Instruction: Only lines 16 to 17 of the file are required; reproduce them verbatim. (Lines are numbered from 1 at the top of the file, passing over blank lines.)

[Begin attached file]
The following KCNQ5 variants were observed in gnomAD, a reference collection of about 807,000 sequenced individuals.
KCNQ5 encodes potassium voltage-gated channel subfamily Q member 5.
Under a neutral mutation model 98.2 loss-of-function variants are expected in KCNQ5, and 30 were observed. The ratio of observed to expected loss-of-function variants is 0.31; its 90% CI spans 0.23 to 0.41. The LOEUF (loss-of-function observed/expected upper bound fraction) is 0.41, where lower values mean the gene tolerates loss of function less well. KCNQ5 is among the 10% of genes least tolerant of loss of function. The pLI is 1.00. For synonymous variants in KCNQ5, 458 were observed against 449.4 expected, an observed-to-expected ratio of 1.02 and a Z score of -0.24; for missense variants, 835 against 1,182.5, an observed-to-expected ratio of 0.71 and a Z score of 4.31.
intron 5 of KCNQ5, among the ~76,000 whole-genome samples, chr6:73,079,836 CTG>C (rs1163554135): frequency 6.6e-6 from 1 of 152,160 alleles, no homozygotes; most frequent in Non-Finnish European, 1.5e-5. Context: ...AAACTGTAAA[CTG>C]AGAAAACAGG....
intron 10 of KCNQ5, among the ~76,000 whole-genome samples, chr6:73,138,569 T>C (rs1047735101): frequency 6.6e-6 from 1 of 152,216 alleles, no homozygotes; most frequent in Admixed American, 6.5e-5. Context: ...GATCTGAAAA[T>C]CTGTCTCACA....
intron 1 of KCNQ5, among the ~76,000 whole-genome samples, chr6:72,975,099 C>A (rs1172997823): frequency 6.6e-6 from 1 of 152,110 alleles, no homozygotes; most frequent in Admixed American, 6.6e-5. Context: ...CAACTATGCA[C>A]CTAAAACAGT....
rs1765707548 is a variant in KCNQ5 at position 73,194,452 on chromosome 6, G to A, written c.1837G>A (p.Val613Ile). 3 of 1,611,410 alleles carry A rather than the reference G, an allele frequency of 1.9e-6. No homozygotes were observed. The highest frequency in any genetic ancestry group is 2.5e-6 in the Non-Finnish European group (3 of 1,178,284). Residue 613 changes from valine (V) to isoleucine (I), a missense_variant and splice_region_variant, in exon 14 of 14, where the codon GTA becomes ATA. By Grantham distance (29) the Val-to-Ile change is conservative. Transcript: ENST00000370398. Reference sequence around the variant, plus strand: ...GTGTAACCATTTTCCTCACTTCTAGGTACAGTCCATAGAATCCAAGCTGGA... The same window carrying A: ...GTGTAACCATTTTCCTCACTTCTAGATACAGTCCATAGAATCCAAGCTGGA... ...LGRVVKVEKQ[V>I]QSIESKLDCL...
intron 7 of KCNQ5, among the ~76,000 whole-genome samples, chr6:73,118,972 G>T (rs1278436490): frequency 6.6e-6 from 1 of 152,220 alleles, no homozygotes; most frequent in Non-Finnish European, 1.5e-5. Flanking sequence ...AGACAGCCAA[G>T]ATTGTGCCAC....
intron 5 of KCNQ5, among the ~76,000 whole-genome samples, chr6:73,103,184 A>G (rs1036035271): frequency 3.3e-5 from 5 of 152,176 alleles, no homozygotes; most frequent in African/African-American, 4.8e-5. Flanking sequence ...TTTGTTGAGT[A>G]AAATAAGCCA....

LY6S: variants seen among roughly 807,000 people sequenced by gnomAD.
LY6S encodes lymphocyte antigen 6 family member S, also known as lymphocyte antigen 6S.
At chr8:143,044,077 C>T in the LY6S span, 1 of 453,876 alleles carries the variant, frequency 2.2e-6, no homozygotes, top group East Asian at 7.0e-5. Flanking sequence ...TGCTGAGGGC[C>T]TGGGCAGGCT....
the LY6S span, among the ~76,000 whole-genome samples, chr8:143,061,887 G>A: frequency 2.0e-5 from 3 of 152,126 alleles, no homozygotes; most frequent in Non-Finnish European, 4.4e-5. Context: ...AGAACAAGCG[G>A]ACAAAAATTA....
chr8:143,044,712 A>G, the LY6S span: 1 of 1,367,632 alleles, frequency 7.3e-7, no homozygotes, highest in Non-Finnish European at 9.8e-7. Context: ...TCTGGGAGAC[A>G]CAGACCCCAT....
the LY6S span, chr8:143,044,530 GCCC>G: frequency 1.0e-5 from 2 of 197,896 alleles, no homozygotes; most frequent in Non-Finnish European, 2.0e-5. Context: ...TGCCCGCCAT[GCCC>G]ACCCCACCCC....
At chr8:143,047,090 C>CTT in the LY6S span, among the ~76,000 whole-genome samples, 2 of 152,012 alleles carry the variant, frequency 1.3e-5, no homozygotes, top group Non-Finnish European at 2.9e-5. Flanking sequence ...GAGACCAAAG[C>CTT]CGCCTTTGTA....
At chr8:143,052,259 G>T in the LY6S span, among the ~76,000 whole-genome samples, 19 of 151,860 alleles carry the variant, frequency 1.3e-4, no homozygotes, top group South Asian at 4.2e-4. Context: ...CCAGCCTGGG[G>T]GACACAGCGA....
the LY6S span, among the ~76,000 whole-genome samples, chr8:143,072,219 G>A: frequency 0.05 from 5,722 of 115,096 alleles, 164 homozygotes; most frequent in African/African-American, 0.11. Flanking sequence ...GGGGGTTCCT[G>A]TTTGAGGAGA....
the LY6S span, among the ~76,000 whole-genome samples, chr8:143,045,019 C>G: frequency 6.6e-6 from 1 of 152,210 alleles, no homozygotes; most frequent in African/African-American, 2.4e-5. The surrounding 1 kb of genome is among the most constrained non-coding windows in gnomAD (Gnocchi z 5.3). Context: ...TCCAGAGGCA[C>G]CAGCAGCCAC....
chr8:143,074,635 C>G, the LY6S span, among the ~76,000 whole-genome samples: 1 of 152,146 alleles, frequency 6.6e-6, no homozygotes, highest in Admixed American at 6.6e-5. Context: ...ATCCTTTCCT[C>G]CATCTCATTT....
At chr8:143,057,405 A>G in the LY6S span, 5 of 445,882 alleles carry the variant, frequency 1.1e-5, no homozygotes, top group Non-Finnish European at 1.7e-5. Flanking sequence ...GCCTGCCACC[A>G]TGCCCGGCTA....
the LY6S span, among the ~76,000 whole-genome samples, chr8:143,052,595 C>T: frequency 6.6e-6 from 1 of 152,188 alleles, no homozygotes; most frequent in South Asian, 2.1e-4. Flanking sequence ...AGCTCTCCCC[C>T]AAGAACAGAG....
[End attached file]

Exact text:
At chr8:143,047,090 C>CTT in the LY6S span, among the ~76,000 whole-genome samples, 2 of 152,012 alleles carry the variant, frequency 1.3e-5, no homozygotes, top group Non-Finnish European at 2.9e-5. Flanking sequence ...GAGACCAAAG[C>CTT]CGCCTTTGTA....
At chr8:143,052,259 G>T in the LY6S span, among the ~76,000 whole-genome samples, 19 of 151,860 alleles carry the variant, frequency 1.3e-4, no homozygotes, top group South Asian at 4.2e-4. Context: ...CCAGCCTGGG[G>T]GACACAGCGA....